Campfire Audio has built a reputation for its funky, angular designs and hefty price tags. The Oregon-based headphone brand shows no signs of moving away from its aesthetically-focused roots with its latest releases, completely redesigning its original Andromeda and Solaris models from, it claims, the basics.
The company has announced the launch of Andromeda Emerald Sea and Solaris Stellar Horizon in-ear headphones, available for £1,449/$1,450 and £2,669/$2,670 respectively at retailers including Amazon, Harrods and Selfridges. It is therefore clear that Campfire Audio continues to focus on the higher echelons of the market.
I hope those changes are worth the price. Campfire Audio has promised a complete reinvention of both angular earphone models, with the Andromeda Emerald Sea benefiting from a new ergonomic shell construction, a new acoustic design and, hopefully, a new improved sound.
We found that the original Andromeda suffered from a lack of true sonic cohesion and an unpleasant harshness in the mid-range, so we expect Campfire to have accounted for these flaws for the sequel. The new Andromeda model features five new custom dual-diaphragm balanced armature drivers in each enclosure, designed to deliver less distortion and more stability.
Whether the brand’s claims of an “expanded acoustic range, lower sensitivity… and a sweet analog glow to its sonic signature” yield tangible results for the listener, however, remains to be seen.
The original Solaris has also been upgraded to the new Stellar Horizon model. Campfire promises a “revolution from top to bottom”, once again teasing a new shell design, updated materials, and new internal components (including updated driver tech) that will hopefully offer greater sonic range and flexibility. The new Solaris model uses three custom dual-diaphragm balanced armature drivers, said to deliver more output, better high-end performance, and less distortion. This is combined with a new “Radial Venting” that surrounds the 10mm dynamic driver – which should also provide a wider soundstage, says Campfire.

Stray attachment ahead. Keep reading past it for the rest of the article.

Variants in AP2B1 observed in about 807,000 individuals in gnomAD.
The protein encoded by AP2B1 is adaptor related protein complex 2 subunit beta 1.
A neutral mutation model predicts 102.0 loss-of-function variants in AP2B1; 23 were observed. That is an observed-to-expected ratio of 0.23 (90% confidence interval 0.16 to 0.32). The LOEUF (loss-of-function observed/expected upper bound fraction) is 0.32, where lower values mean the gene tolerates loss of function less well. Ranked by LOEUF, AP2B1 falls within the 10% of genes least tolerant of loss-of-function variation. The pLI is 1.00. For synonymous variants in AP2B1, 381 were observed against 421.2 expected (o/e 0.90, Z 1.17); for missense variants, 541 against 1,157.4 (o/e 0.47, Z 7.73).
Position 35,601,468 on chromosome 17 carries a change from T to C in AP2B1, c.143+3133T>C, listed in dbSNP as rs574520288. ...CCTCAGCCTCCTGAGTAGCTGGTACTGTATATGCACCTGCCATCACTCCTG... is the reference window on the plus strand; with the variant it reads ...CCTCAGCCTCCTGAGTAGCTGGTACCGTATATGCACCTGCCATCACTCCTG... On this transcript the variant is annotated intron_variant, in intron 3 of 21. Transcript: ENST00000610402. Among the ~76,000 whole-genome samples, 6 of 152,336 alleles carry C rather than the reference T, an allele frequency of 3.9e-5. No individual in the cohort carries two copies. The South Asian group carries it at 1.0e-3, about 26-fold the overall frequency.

You also receive a few extras for your not-insignificant financial expenses. Both models come with three headphone cable options (2.5mm balanced, 3.5mm stereo and 4.4mm balanced) and their own unique presentation boxes. If there’s one thing Campfire Audio understands, it’s presentation.
In terms of performance, Campfire Audio’s new earphones can compete with the five-star rating Sennheiser IE 900, an excellent choice for anyone who wants the best sound on this side of the market. Even if they can’t match those Sennheiser rivals in terms of audio quality, the unique visual appeal of Campfire’s styling may prove to be enough to entice potential buyers. If they can afford it, that is.
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